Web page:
Eastern Caribbean transition to Green Economy rated as below average

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PORT OF SPAIN, Trinidad — The Caribbean Natural Resources Institute (CANARI) in collaboration with the Green Economy Coalition (GEC) on Tuesday released the Eastern Caribbean Green Economy Barometer 2018.

A major finding from this ground-breaking document is that the traditional approach of a one-dimensional focus on development through a narrow profit or GDP only “bottom line” has not worked for the Organisation of Eastern Caribbean States (OECS). Overall, the status of the transition to a truly green and fair economy in the Eastern Caribbean is below average.

The Barometer is based on a study by renowned Saint Lucian economist McHale Andrew, prepared by CANARI in collaboration with the OECS Commission.

Since 2010, CANARI has been engaging Caribbean stakeholders in dialogues to explore principles and pathways for transformation of Caribbean economic development to be more environmentally sustainable, inclusive and resilient. These ideas are reflected in the global models of “green economy” and “blue economy”, with the latter reflecting a specific focus on economic development through use of coastal and marine resources.

But the Eastern Caribbean Green Economy Barometer 2018 notes that “a Caribbean response cannot be simply a reaction to externally imposed concepts or models – the new economy needs to be based on the region’s reality, innate attributes, indigenous talents and specific conditions.”

In the Caribbean, a Green-Blue economy is one which creates better well-being and social equity, while at the same time reducing environmental risks and ecological scarcities. So, it is a means to creating a resilient economy which provides a better quality of life within established ecological limits.

The study notes that there is already consensus that a new approach is needed to redress the creeping environmental degradation, general economic and social malaise in the OECS and the high vulnerabilities to natural hazards revealed by the monster 2017 hurricanes.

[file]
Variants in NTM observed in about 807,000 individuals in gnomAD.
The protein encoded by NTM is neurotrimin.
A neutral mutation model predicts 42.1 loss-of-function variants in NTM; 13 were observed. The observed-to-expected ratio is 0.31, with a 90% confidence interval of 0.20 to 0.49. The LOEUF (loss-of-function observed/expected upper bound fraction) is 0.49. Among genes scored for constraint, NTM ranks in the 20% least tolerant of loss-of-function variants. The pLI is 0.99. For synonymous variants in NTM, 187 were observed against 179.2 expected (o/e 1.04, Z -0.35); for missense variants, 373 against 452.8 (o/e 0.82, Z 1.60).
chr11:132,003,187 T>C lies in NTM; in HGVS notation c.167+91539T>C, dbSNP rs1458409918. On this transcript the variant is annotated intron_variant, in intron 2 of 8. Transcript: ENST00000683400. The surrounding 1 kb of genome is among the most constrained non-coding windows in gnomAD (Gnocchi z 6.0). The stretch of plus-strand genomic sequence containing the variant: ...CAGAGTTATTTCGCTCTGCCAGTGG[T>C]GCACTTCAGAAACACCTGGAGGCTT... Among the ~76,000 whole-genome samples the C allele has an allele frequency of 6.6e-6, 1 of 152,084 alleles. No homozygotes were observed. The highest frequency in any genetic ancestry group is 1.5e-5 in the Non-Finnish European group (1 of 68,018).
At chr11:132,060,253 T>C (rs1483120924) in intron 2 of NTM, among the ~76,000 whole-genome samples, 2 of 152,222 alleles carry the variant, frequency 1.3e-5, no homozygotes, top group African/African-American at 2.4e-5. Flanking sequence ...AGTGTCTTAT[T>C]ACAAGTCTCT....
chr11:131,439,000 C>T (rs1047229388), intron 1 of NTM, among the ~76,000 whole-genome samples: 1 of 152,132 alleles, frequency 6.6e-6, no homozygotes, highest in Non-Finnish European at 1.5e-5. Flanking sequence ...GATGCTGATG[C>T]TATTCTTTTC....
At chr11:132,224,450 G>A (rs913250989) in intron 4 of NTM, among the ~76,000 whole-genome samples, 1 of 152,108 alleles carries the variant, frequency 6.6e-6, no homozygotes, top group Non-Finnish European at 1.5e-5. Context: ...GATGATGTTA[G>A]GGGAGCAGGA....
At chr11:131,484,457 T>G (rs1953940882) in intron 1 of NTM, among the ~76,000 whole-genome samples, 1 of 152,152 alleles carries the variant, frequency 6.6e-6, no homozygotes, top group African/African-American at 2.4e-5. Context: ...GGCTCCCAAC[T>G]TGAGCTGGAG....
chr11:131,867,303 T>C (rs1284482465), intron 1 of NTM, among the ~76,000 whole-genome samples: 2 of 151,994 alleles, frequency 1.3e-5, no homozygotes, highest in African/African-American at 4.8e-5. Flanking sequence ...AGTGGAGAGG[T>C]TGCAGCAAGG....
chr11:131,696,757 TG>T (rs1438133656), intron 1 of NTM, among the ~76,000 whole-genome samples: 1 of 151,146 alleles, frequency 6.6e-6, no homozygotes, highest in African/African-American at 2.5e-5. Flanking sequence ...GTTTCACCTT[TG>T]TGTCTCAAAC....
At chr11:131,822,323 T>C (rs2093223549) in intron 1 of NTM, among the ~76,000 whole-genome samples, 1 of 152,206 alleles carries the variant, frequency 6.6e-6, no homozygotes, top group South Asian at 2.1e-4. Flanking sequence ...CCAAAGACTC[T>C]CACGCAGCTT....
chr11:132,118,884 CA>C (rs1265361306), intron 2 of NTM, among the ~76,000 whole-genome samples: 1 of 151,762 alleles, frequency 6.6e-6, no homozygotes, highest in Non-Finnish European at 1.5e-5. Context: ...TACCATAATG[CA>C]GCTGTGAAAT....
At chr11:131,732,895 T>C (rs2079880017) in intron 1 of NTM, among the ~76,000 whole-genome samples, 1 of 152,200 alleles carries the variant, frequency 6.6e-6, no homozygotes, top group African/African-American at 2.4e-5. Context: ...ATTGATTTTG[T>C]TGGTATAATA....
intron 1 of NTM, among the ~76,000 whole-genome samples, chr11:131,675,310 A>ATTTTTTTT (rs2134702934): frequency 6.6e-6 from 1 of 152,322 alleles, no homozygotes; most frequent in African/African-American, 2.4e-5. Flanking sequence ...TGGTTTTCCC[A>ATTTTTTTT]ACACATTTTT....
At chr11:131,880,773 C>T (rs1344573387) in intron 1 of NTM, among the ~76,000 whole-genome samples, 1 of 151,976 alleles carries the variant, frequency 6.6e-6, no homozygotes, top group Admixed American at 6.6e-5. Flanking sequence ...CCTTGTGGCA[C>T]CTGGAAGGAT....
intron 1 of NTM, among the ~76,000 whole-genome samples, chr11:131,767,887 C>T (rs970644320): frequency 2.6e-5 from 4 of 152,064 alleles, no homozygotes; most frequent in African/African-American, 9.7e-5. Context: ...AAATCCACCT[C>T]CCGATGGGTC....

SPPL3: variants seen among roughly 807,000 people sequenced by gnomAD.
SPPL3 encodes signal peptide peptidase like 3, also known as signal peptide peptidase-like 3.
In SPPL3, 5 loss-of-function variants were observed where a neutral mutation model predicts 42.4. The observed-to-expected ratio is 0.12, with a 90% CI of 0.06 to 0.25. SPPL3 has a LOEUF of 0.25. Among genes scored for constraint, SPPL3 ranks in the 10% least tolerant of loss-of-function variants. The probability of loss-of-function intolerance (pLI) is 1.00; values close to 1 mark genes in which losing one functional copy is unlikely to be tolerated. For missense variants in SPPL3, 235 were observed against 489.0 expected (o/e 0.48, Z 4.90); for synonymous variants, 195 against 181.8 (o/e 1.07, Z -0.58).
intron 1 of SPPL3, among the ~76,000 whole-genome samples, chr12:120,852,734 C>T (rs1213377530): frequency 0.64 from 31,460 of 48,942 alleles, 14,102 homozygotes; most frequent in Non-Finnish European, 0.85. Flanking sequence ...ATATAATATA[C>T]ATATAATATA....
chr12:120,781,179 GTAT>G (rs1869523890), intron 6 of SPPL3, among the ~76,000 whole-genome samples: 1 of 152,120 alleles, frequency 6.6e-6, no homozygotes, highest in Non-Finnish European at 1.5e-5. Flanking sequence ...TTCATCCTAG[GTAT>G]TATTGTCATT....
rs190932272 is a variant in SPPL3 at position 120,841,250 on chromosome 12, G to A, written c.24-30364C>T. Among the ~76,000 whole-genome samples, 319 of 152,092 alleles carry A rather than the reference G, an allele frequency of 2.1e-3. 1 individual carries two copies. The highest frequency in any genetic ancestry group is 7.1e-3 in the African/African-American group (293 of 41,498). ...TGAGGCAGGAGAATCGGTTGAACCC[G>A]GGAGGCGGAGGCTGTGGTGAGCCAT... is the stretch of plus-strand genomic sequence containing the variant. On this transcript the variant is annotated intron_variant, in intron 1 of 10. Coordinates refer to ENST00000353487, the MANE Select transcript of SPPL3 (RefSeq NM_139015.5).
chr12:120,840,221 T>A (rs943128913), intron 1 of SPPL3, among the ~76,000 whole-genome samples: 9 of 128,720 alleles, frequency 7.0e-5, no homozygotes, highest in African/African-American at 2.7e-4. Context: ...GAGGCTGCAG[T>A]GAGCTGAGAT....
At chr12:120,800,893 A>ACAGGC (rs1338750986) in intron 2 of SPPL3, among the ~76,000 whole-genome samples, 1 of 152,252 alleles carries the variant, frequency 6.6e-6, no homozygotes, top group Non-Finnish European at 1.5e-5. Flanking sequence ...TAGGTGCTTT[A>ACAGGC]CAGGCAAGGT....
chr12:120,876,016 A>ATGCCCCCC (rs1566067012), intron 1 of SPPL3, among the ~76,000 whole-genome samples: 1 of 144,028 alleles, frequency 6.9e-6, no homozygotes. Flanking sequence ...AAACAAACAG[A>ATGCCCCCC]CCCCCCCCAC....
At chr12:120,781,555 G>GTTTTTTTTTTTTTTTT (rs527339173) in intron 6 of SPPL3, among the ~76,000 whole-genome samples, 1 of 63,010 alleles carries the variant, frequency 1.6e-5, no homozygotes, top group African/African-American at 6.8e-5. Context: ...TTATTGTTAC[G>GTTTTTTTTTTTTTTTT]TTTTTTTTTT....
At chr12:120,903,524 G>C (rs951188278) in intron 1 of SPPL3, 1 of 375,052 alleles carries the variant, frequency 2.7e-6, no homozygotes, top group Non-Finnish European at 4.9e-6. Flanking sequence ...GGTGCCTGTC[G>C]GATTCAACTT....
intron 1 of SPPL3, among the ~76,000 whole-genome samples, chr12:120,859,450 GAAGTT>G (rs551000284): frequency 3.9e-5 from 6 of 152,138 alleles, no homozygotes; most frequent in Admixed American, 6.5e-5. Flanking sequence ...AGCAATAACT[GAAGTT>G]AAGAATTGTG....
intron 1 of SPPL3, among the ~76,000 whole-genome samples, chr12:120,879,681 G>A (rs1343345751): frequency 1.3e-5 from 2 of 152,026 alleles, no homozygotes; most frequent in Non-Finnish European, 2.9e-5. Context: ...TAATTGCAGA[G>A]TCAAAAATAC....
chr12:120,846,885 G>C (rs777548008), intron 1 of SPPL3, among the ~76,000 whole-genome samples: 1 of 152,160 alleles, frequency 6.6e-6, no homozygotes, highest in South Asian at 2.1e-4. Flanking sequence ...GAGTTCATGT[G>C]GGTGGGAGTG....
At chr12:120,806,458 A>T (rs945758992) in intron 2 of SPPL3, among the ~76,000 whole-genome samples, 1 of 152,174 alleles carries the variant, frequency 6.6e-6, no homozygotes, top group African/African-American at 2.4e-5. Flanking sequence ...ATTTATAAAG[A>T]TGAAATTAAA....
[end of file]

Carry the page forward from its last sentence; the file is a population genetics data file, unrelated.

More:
It suggests opportunities to build on “green shoots” of positive initiatives in the OECS by: including the value of nature in national economic decision-making; greening key sectors, including energy, tourism and agriculture; enhancing support to micro, small and medium enterprises (MSMEs) to provide economic opportunities, including for poor and vulnerable groups; reforming fiscal policy to support a new approach to development; and mobilising public and private financing.

The Eastern Caribbean Green Economy Barometer 2018 is now being distributed to regional stakeholders to contribute to enhancing understanding on potential pathways for economic transformation and catalysing action through change in policy and practice. The Barometer is being shared at the Caribbean Development Bank’s Blue Economy Caribbean Conference being held in Miami on Tuesday, which will examine opportunities for financing this economic transformation.

The document can be downloaded in full here: Eastern Caribbean Green Economy Barometer 2018

CANARI is working with the Green Economy Coalition to further advance the vision for a move towards green, fair and resilient economies that connects local actions on the micro level, with policy interventions and the global green economy movement on the macro level. This is taking place under CANARI’s project “#GE4U: Transformation towards an inclusive green economy in the Caribbean” being supported by funding and assistance from the European Union.

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